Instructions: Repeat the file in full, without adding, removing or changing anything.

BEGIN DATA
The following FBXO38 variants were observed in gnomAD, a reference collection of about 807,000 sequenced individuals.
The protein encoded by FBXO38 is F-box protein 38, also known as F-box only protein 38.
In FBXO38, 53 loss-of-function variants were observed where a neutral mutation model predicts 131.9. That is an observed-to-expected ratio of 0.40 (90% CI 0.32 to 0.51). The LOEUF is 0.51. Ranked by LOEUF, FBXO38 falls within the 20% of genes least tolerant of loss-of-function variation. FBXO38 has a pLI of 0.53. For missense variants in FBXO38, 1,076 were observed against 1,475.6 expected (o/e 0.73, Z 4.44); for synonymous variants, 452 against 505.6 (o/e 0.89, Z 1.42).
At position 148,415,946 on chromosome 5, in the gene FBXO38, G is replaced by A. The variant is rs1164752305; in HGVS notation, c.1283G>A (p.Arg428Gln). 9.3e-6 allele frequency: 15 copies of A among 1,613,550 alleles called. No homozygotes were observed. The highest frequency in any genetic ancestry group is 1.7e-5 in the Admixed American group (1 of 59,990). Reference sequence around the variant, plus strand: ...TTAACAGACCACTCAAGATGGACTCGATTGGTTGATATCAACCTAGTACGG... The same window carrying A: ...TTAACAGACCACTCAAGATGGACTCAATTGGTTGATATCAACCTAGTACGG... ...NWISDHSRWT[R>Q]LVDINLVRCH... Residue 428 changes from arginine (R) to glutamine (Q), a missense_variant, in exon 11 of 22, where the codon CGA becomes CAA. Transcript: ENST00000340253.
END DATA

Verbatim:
The following FBXO38 variants were observed in gnomAD, a reference collection of about 807,000 sequenced individuals.
The protein encoded by FBXO38 is F-box protein 38, also known as F-box only protein 38.
In FBXO38, 53 loss-of-function variants were observed where a neutral mutation model predicts 131.9. That is an observed-to-expected ratio of 0.40 (90% CI 0.32 to 0.51). The LOEUF is 0.51. Ranked by LOEUF, FBXO38 falls within the 20% of genes least tolerant of loss-of-function variation. FBXO38 has a pLI of 0.53. For missense variants in FBXO38, 1,076 were observed against 1,475.6 expected (o/e 0.73, Z 4.44); for synonymous variants, 452 against 505.6 (o/e 0.89, Z 1.42).
At position 148,415,946 on chromosome 5, in the gene FBXO38, G is replaced by A. The variant is rs1164752305; in HGVS notation, c.1283G>A (p.Arg428Gln). 9.3e-6 allele frequency: 15 copies of A among 1,613,550 alleles called. No homozygotes were observed. The highest frequency in any genetic ancestry group is 1.7e-5 in the Admixed American group (1 of 59,990). Reference sequence around the variant, plus strand: ...TTAACAGACCACTCAAGATGGACTCGATTGGTTGATATCAACCTAGTACGG... The same window carrying A: ...TTAACAGACCACTCAAGATGGACTCAATTGGTTGATATCAACCTAGTACGG... ...NWISDHSRWT[R>Q]LVDINLVRCH... Residue 428 changes from arginine (R) to glutamine (Q), a missense_variant, in exon 11 of 22, where the codon CGA becomes CAA. Transcript: ENST00000340253.